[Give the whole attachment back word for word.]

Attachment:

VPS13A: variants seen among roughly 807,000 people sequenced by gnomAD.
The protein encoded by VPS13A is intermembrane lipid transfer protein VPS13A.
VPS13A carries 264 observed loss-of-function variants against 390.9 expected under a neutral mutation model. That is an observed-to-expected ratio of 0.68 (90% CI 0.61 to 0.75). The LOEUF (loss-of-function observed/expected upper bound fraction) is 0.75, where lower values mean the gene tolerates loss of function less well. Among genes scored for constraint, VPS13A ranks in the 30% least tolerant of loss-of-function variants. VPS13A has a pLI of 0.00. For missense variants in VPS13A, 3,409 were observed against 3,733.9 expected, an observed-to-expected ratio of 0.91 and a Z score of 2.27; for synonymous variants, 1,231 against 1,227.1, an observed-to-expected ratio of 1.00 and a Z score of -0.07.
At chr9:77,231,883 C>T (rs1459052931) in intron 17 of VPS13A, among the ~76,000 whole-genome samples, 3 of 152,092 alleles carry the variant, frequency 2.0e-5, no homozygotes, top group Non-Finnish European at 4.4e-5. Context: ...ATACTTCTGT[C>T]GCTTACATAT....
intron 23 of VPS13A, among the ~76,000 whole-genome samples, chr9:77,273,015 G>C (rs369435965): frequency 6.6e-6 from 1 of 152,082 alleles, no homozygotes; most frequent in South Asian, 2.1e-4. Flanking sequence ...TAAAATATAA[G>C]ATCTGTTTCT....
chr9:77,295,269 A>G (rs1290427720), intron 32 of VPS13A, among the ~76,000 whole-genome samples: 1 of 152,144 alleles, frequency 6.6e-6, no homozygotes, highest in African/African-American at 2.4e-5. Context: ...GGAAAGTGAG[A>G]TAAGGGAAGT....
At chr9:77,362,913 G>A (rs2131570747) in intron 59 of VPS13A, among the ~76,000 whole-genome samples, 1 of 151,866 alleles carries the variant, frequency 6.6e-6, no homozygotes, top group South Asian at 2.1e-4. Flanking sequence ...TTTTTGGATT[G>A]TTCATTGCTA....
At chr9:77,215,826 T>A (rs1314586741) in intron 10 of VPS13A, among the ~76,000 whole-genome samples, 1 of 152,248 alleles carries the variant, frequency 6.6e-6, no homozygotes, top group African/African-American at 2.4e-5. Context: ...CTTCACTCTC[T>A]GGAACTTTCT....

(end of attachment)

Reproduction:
VPS13A: variants seen among roughly 807,000 people sequenced by gnomAD.
The protein encoded by VPS13A is intermembrane lipid transfer protein VPS13A.
VPS13A carries 264 observed loss-of-function variants against 390.9 expected under a neutral mutation model. That is an observed-to-expected ratio of 0.68 (90% CI 0.61 to 0.75). The LOEUF (loss-of-function observed/expected upper bound fraction) is 0.75, where lower values mean the gene tolerates loss of function less well. Among genes scored for constraint, VPS13A ranks in the 30% least tolerant of loss-of-function variants. VPS13A has a pLI of 0.00. For missense variants in VPS13A, 3,409 were observed against 3,733.9 expected, an observed-to-expected ratio of 0.91 and a Z score of 2.27; for synonymous variants, 1,231 against 1,227.1, an observed-to-expected ratio of 1.00 and a Z score of -0.07.
At chr9:77,231,883 C>T (rs1459052931) in intron 17 of VPS13A, among the ~76,000 whole-genome samples, 3 of 152,092 alleles carry the variant, frequency 2.0e-5, no homozygotes, top group Non-Finnish European at 4.4e-5. Context: ...ATACTTCTGT[C>T]GCTTACATAT....
intron 23 of VPS13A, among the ~76,000 whole-genome samples, chr9:77,273,015 G>C (rs369435965): frequency 6.6e-6 from 1 of 152,082 alleles, no homozygotes; most frequent in South Asian, 2.1e-4. Flanking sequence ...TAAAATATAA[G>C]ATCTGTTTCT....
chr9:77,295,269 A>G (rs1290427720), intron 32 of VPS13A, among the ~76,000 whole-genome samples: 1 of 152,144 alleles, frequency 6.6e-6, no homozygotes, highest in African/African-American at 2.4e-5. Context: ...GGAAAGTGAG[A>G]TAAGGGAAGT....
At chr9:77,362,913 G>A (rs2131570747) in intron 59 of VPS13A, among the ~76,000 whole-genome samples, 1 of 151,866 alleles carries the variant, frequency 6.6e-6, no homozygotes, top group South Asian at 2.1e-4. Flanking sequence ...TTTTTGGATT[G>A]TTCATTGCTA....
At chr9:77,215,826 T>A (rs1314586741) in intron 10 of VPS13A, among the ~76,000 whole-genome samples, 1 of 152,248 alleles carries the variant, frequency 6.6e-6, no homozygotes, top group African/African-American at 2.4e-5. Context: ...CTTCACTCTC[T>A]GGAACTTTCT....